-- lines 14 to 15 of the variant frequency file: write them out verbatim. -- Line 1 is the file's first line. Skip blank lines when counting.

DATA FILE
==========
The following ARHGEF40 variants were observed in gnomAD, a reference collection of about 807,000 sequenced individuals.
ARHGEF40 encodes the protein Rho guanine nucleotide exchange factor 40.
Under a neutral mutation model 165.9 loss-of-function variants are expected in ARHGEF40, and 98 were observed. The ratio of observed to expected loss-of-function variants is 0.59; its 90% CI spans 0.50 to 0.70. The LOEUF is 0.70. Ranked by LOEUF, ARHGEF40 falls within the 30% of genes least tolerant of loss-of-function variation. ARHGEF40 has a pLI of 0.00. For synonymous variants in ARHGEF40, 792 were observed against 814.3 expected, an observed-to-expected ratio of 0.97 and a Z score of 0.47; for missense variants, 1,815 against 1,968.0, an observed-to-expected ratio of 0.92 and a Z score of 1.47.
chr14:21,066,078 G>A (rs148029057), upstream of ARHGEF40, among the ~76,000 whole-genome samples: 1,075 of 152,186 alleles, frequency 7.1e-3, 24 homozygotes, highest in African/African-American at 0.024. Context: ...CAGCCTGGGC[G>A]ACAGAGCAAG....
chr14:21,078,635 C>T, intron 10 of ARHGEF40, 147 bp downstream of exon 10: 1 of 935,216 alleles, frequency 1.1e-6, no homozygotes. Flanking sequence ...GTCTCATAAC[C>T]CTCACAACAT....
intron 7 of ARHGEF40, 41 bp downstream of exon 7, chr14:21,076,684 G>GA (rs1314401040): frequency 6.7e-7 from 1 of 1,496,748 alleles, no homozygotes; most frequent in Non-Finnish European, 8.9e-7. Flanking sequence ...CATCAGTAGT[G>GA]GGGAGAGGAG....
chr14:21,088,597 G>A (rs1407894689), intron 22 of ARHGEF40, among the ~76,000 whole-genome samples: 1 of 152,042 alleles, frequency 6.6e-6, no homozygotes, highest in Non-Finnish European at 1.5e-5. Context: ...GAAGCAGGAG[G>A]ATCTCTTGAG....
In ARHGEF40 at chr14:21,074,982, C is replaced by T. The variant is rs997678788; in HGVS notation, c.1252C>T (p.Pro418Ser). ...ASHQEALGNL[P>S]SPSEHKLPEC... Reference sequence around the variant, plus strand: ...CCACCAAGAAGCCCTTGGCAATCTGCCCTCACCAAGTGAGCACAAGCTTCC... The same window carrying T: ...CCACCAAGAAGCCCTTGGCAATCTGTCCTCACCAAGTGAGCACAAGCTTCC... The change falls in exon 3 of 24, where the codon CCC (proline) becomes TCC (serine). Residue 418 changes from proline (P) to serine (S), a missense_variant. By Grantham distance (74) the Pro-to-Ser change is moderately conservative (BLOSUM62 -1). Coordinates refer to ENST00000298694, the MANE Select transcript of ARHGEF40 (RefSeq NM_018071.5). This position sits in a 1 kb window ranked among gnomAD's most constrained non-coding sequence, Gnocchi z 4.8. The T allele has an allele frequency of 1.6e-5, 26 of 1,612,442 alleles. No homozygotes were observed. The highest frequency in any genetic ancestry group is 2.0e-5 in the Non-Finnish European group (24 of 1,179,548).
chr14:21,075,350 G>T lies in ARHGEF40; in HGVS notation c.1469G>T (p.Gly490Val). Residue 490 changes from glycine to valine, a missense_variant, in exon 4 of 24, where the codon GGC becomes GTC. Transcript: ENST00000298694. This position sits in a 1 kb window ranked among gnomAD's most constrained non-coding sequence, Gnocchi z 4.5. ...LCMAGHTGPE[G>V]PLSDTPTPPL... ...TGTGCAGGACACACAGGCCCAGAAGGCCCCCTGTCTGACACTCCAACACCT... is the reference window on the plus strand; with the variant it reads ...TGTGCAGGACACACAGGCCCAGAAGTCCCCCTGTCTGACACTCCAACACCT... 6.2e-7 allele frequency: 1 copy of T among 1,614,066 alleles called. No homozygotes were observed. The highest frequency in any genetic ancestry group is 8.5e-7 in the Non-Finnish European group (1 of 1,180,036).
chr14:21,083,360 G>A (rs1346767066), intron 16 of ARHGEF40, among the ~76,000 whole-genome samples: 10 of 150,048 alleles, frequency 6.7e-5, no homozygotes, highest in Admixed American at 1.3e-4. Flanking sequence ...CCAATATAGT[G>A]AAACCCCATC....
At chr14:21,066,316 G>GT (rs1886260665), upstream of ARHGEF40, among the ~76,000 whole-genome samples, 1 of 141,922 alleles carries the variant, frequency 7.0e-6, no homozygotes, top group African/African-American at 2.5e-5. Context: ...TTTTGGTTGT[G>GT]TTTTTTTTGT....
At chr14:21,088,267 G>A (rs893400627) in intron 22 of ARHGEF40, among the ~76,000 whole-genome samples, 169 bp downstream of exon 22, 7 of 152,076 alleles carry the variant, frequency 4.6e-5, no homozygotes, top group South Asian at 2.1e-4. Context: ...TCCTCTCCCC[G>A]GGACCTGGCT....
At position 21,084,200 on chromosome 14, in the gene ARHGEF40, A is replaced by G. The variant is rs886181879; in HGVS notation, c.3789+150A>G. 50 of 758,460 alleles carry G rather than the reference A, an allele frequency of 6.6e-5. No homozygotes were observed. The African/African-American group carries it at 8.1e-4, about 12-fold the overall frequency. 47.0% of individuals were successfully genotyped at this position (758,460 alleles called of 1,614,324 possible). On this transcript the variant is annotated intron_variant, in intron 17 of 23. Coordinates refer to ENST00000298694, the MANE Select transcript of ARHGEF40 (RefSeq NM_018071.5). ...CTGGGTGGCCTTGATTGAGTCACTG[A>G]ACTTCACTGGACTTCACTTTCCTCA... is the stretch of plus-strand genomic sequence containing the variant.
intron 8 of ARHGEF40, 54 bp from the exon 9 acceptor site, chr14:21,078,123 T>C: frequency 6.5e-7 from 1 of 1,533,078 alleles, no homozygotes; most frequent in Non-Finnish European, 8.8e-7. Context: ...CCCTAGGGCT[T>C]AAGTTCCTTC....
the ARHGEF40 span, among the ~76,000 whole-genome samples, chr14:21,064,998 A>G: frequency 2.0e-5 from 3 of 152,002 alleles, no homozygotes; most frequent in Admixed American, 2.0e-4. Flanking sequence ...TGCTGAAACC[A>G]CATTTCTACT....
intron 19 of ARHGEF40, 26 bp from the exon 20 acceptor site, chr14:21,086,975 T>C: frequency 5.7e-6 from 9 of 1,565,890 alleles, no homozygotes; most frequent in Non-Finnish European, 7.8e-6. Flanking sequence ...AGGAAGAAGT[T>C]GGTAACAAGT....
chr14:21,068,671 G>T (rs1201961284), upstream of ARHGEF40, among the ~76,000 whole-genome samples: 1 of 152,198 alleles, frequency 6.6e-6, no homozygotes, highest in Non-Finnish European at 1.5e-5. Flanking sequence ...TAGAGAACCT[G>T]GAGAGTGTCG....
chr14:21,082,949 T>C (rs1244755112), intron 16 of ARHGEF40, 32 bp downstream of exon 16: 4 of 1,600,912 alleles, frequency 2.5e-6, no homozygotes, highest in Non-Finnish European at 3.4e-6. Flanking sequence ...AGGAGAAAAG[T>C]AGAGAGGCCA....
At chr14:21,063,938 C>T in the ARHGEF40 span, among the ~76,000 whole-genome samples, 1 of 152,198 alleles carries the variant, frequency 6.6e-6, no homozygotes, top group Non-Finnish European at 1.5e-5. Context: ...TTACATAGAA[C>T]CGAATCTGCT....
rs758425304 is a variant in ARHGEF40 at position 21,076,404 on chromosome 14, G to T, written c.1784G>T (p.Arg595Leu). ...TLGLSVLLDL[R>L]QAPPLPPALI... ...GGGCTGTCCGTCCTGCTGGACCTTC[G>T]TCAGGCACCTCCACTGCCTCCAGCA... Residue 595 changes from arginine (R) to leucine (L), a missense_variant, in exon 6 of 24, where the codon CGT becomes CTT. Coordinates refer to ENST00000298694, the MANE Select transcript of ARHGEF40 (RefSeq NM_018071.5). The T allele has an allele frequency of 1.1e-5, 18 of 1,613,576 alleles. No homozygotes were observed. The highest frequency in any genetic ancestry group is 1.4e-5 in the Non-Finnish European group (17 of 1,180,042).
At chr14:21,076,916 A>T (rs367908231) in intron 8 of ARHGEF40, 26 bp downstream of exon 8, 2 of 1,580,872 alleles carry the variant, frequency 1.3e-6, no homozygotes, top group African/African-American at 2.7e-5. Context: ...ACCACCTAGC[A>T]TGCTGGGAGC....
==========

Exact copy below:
intron 8 of ARHGEF40, 54 bp from the exon 9 acceptor site, chr14:21,078,123 T>C: frequency 6.5e-7 from 1 of 1,533,078 alleles, no homozygotes; most frequent in Non-Finnish European, 8.8e-7. Context: ...CCCTAGGGCT[T>C]AAGTTCCTTC....
the ARHGEF40 span, among the ~76,000 whole-genome samples, chr14:21,064,998 A>G: frequency 2.0e-5 from 3 of 152,002 alleles, no homozygotes; most frequent in Admixed American, 2.0e-4. Flanking sequence ...TGCTGAAACC[A>G]CATTTCTACT....